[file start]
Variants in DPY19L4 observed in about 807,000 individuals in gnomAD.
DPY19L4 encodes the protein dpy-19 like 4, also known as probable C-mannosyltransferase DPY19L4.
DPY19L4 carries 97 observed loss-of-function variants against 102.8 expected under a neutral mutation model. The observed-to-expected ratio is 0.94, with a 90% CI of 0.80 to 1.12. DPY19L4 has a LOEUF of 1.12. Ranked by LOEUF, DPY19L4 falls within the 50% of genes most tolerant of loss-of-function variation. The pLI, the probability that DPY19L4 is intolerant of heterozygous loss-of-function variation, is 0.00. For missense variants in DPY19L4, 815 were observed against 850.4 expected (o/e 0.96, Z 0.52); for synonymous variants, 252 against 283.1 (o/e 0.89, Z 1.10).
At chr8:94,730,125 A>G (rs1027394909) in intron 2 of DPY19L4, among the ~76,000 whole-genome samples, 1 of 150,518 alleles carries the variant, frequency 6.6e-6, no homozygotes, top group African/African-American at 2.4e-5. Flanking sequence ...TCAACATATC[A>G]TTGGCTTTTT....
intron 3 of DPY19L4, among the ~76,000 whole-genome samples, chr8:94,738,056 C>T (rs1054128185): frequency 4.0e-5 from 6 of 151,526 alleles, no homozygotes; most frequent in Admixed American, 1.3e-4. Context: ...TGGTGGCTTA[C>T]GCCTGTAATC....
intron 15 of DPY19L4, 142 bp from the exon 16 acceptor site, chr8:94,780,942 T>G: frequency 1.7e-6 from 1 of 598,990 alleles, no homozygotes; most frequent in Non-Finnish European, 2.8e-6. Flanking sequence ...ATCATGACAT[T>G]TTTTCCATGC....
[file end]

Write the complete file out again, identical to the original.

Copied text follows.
Variants in DPY19L4 observed in about 807,000 individuals in gnomAD.
DPY19L4 encodes the protein dpy-19 like 4, also known as probable C-mannosyltransferase DPY19L4.
DPY19L4 carries 97 observed loss-of-function variants against 102.8 expected under a neutral mutation model. The observed-to-expected ratio is 0.94, with a 90% CI of 0.80 to 1.12. DPY19L4 has a LOEUF of 1.12. Ranked by LOEUF, DPY19L4 falls within the 50% of genes most tolerant of loss-of-function variation. The pLI, the probability that DPY19L4 is intolerant of heterozygous loss-of-function variation, is 0.00. For missense variants in DPY19L4, 815 were observed against 850.4 expected (o/e 0.96, Z 0.52); for synonymous variants, 252 against 283.1 (o/e 0.89, Z 1.10).
At chr8:94,730,125 A>G (rs1027394909) in intron 2 of DPY19L4, among the ~76,000 whole-genome samples, 1 of 150,518 alleles carries the variant, frequency 6.6e-6, no homozygotes, top group African/African-American at 2.4e-5. Flanking sequence ...TCAACATATC[A>G]TTGGCTTTTT....
intron 3 of DPY19L4, among the ~76,000 whole-genome samples, chr8:94,738,056 C>T (rs1054128185): frequency 4.0e-5 from 6 of 151,526 alleles, no homozygotes; most frequent in Admixed American, 1.3e-4. Context: ...TGGTGGCTTA[C>T]GCCTGTAATC....
intron 15 of DPY19L4, 142 bp from the exon 16 acceptor site, chr8:94,780,942 T>G: frequency 1.7e-6 from 1 of 598,990 alleles, no homozygotes; most frequent in Non-Finnish European, 2.8e-6. Flanking sequence ...ATCATGACAT[T>G]TTTTCCATGC....